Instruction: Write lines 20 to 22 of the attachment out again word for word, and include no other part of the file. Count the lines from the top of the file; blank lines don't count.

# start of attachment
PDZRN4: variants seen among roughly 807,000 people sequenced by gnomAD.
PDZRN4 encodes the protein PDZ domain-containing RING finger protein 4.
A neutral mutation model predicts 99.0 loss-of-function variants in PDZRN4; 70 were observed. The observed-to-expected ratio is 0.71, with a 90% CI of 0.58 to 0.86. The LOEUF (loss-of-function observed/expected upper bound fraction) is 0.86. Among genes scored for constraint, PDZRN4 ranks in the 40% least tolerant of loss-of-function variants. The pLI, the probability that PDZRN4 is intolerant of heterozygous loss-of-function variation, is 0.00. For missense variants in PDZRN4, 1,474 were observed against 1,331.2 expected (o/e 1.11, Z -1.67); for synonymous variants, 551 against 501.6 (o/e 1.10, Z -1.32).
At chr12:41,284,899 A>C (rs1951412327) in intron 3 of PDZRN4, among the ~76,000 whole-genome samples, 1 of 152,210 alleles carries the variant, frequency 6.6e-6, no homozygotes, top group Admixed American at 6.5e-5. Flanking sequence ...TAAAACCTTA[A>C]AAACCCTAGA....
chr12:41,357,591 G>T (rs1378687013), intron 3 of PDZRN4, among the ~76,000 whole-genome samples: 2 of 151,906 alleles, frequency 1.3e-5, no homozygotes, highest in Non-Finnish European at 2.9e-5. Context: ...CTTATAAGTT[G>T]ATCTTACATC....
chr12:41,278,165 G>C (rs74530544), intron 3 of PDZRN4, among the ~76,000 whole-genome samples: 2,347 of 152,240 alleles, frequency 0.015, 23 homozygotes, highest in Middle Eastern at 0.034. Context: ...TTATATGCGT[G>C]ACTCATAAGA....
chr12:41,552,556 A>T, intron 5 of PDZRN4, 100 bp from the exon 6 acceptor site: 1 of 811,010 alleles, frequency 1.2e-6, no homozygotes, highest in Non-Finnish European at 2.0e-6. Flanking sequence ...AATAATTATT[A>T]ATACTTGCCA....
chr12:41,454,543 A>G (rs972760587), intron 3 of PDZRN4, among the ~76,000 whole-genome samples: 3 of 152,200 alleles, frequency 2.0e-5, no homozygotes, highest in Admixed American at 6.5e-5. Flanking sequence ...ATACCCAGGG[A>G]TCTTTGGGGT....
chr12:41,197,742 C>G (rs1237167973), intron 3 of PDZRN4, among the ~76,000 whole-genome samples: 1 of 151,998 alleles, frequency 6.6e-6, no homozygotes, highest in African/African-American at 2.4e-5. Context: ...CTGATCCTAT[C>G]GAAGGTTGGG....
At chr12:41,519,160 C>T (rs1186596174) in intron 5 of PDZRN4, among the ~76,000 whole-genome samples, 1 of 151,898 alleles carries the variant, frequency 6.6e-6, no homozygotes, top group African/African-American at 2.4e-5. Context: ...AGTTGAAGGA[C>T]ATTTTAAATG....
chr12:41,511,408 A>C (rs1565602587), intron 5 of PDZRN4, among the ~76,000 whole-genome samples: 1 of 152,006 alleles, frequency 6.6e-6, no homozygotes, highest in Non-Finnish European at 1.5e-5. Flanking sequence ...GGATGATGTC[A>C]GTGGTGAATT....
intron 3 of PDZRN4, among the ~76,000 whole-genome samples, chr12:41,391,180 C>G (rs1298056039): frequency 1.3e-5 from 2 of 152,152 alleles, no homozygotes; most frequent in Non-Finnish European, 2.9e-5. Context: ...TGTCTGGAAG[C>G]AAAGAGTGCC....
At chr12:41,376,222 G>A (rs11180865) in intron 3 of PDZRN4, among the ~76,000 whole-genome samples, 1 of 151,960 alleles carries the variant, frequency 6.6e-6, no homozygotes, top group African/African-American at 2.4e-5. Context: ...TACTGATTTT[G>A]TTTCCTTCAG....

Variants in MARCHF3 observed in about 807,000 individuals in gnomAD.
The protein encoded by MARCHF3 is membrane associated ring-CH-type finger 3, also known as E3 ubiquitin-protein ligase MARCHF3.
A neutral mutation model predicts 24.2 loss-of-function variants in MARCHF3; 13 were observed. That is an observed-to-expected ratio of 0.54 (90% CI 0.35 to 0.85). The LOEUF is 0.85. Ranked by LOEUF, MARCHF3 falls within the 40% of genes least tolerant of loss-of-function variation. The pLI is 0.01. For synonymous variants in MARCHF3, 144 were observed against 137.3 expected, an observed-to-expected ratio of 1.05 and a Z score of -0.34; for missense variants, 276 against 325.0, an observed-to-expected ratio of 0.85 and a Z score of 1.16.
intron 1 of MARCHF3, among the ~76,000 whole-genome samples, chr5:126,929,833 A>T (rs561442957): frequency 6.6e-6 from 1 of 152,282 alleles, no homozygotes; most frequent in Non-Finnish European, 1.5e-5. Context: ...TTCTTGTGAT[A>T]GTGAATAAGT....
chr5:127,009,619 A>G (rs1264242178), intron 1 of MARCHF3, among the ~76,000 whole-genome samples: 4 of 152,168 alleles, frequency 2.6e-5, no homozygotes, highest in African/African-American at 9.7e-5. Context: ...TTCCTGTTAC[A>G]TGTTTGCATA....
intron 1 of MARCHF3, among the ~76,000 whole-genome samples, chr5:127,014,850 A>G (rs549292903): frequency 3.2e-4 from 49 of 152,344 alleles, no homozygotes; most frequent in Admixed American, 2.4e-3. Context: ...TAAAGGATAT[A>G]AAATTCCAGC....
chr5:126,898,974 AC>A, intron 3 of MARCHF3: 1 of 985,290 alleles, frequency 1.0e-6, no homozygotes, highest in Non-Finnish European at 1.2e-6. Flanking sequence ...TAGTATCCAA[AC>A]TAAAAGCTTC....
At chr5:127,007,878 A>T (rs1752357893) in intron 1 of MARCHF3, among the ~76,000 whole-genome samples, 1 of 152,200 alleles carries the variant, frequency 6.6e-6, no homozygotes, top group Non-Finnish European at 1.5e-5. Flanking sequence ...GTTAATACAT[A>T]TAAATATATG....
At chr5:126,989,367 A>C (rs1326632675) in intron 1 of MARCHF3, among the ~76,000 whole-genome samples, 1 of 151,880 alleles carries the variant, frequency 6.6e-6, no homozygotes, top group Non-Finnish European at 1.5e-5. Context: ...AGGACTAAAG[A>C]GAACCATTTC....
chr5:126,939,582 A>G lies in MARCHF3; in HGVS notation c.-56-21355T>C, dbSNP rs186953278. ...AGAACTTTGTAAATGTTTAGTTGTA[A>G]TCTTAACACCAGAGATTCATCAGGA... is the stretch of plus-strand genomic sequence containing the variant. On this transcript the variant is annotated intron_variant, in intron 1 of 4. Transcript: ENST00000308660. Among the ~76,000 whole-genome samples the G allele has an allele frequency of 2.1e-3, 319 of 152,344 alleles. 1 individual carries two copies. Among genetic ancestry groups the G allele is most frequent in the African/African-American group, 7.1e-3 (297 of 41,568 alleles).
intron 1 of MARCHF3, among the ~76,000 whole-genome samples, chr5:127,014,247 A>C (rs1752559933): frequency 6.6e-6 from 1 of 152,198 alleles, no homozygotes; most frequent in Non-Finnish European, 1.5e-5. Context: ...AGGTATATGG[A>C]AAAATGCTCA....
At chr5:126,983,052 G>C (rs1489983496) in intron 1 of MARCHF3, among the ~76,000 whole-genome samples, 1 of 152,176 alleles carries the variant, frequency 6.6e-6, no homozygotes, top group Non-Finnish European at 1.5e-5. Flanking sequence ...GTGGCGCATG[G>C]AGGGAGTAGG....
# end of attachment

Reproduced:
chr5:126,898,974 AC>A, intron 3 of MARCHF3: 1 of 985,290 alleles, frequency 1.0e-6, no homozygotes, highest in Non-Finnish European at 1.2e-6. Flanking sequence ...TAGTATCCAA[AC>A]TAAAAGCTTC....
At chr5:127,007,878 A>T (rs1752357893) in intron 1 of MARCHF3, among the ~76,000 whole-genome samples, 1 of 152,200 alleles carries the variant, frequency 6.6e-6, no homozygotes, top group Non-Finnish European at 1.5e-5. Flanking sequence ...GTTAATACAT[A>T]TAAATATATG....
At chr5:126,989,367 A>C (rs1326632675) in intron 1 of MARCHF3, among the ~76,000 whole-genome samples, 1 of 151,880 alleles carries the variant, frequency 6.6e-6, no homozygotes, top group Non-Finnish European at 1.5e-5. Context: ...AGGACTAAAG[A>C]GAACCATTTC....